From: Dean Snyder (email@example.com)
Date: Thu Mar 10 2005 - 10:36:11 CST
Asmus Freytag wrote at 8:48 PM on Wednesday, March 9, 2005:
>At 07:36 PM 3/9/2005, Dean Snyder wrote:
>>I've made it very clear that THE basis for my thinking on encoding damage
>>indicators is to enable "guaranteed" integrity for damaged, interchanged
>A similar argument could be made for the absolute integrity of mathematical
>expressions. More people (users) rely on textual representations of
>expressions in their work than on transcriptions of damaged plain text, and
>in many cases there are potentially severe consequences if mathematical
>expressions are inadvertently altered.
The difference between mathematical notation and my suggested
application, ancient texts, is that every ancient document is a unique
autograph and it is important to maintain a minimum of textual integrity
for all plain text representations of those documents.
>Nevertheless, nobody asserts that mathematical expressions *must* be in
>plain text. All users of mathematics agree that some form of convention,
>going beyond plain text, is needed. The two top contenders, TeX and MathML
>use very different approaches to the markup, TeX focusing only on defining
>the visual appearance, MathML focusing on the underlying mathematical
Math notational systems must support page layout, most definitely the
purview of markup. I'm only talking about the actual presence or partial
presence of a character, a much simpler concept that has nothing to do
with page layout.
>>My reasoning goes to the core of
>>what separates text from meta-text. THAT, I believe, is the proper basis
>>for discussion this discussion, not the merits or demerits of any
>>particular markup system.
>And given my comments above, it is not the task of plain text to indicate
>damage and similar type of information.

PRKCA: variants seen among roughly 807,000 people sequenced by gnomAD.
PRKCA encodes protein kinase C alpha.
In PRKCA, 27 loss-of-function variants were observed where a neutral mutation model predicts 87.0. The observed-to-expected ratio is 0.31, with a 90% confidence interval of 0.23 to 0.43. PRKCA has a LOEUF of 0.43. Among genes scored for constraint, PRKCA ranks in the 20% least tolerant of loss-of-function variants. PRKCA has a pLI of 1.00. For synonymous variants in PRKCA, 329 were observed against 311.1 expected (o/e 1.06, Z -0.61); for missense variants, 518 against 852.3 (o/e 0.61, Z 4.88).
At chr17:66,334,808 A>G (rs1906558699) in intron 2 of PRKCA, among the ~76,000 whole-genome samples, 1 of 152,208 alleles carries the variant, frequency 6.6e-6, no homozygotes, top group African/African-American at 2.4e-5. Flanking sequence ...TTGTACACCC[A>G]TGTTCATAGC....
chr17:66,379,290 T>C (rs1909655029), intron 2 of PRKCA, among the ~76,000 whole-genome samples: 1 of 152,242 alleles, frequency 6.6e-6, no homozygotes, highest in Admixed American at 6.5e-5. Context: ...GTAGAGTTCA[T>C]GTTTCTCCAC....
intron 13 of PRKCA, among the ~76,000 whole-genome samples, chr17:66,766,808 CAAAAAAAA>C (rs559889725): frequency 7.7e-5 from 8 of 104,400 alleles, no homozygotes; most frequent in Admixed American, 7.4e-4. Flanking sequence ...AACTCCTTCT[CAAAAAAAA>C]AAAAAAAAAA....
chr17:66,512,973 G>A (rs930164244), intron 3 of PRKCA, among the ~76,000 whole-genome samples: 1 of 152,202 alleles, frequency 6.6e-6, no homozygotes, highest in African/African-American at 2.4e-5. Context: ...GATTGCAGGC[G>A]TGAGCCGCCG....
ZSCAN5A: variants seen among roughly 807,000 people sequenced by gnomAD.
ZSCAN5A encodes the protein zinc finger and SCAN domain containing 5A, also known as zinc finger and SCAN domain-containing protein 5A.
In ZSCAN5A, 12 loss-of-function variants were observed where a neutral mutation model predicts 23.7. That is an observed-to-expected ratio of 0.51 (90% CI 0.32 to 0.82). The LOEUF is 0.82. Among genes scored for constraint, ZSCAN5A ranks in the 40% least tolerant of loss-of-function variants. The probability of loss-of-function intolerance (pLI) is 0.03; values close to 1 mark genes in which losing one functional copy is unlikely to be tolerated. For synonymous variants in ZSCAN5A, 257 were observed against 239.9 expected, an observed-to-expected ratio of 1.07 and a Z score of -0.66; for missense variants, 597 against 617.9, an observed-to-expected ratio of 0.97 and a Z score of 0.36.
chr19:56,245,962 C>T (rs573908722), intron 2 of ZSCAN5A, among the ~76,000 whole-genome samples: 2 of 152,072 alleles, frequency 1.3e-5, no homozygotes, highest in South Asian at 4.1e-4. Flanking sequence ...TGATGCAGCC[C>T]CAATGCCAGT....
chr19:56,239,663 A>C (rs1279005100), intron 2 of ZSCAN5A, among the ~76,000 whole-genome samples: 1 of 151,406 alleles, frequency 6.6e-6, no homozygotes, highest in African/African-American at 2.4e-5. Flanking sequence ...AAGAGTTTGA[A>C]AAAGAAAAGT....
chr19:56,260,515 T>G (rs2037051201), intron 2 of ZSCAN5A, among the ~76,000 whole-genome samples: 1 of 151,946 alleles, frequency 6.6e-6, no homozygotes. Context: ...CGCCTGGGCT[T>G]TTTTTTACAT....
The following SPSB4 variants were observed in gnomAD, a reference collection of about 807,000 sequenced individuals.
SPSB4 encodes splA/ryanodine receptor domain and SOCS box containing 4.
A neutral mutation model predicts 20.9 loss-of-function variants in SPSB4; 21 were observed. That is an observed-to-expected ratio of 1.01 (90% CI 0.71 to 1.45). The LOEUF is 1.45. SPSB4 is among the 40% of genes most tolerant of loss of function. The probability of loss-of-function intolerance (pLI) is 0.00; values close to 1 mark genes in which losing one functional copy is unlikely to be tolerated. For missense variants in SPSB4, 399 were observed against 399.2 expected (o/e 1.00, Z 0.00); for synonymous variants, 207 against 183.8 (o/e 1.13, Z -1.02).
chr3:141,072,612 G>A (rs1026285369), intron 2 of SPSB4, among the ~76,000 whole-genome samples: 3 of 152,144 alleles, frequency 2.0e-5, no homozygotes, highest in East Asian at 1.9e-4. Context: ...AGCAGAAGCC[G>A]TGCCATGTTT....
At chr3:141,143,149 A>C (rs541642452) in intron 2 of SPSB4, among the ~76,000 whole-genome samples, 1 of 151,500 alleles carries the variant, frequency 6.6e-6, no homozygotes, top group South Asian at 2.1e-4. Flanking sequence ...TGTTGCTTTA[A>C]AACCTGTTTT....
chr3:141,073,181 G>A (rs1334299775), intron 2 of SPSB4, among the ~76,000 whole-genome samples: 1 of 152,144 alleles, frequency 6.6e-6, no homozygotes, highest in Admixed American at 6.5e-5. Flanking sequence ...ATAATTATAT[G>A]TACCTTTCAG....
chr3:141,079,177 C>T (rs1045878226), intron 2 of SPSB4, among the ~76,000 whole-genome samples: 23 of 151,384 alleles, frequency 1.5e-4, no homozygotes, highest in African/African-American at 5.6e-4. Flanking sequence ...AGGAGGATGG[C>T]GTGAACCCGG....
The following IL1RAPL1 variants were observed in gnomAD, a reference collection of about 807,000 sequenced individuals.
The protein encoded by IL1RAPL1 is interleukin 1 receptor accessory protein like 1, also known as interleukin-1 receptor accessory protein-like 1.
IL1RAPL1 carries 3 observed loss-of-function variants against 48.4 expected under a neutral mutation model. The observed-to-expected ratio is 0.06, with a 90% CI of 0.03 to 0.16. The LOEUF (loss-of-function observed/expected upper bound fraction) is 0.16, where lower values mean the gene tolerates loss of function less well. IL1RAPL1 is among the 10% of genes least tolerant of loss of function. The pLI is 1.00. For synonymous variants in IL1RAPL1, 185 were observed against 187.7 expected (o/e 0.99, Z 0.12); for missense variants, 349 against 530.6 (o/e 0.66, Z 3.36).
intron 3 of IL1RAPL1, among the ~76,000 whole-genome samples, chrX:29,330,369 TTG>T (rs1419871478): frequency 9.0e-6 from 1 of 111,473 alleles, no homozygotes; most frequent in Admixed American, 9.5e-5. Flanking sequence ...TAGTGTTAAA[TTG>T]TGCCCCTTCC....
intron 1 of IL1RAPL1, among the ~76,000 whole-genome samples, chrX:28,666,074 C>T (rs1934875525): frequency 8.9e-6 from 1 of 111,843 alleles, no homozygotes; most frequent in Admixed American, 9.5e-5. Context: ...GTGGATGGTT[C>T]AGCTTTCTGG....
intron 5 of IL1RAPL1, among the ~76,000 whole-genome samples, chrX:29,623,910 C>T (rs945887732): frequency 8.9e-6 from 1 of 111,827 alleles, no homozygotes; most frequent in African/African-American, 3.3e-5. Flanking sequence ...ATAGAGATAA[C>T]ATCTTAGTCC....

>Some people feel that the choice between plain-text and markup should not
>be an all-or-nothing proposition.... [Murray Sargent's minimal markup
>scheme for mathematics.
There is no doubt in mind about the need for epigraphic meta-textual
markup; my only suggestion has been the CONCURRENT need for simple plain
text damage indicators.
>In this, it is similar to ideographic desciption sequences. If you have
>software support to display a built-up sequence, the text can act like
>formatting instructions, if you don't, you get a human-readable, symbolic
Description sequences are an interesting analogy I had not thought of.
My initial idea was that the damage indicators should be ignorable and
just travel with their plain text as invisible characters until some
software knows how to handle them. It's an interesting idea that they
should be potentially visible. If that were the case, and given a 3X3
damage matrix, we have 2 main encoding options:
1) encode 9 damage characters, the union of which indicates the extent
2) encode 512 damage characters, one for each possible combination of
The advantage of the first one is the small number of encoded characters;
the disadvantage are the ugliness and difficulty of human parsing, more
complicated programmatic handling, more storage, and slower processing.
The advantages of number 2 are the simplicity for human parsing, a more
aesthetic text stream for human readability, easier programmatic
handling, less storage, and faster processing; the disadvantage is the
larger number of encoded characters.
I like the 512 visible damage indicator characters idea.
>In none of these cases do you have the expectation that *all* software (or
>even potentially all software) would be required to treat any characters as
>other than perfectly ordinary graphical characters - although *some*
>software can choose to follow specific conventions.
That's the beauty of this model.
>That is very similar to
>XML, where the source code is plain text, and the result is something else.
>But in none of these cases is the information itself encoded in plain text
>- it's encoded in a convention that uses plain text as a source form.
You lost me there. Ideographic description sequences are plain text.
Dean A. Snyder
Assistant Research Scholar
Manager, Digital Hammurabi Project
Computer Science Department
Whiting School of Engineering
218C New Engineering Building
3400 North Charles Street
Johns Hopkins University
Baltimore, Maryland, USA 21218
office: 410 516-6850
cell: 717 817-4897
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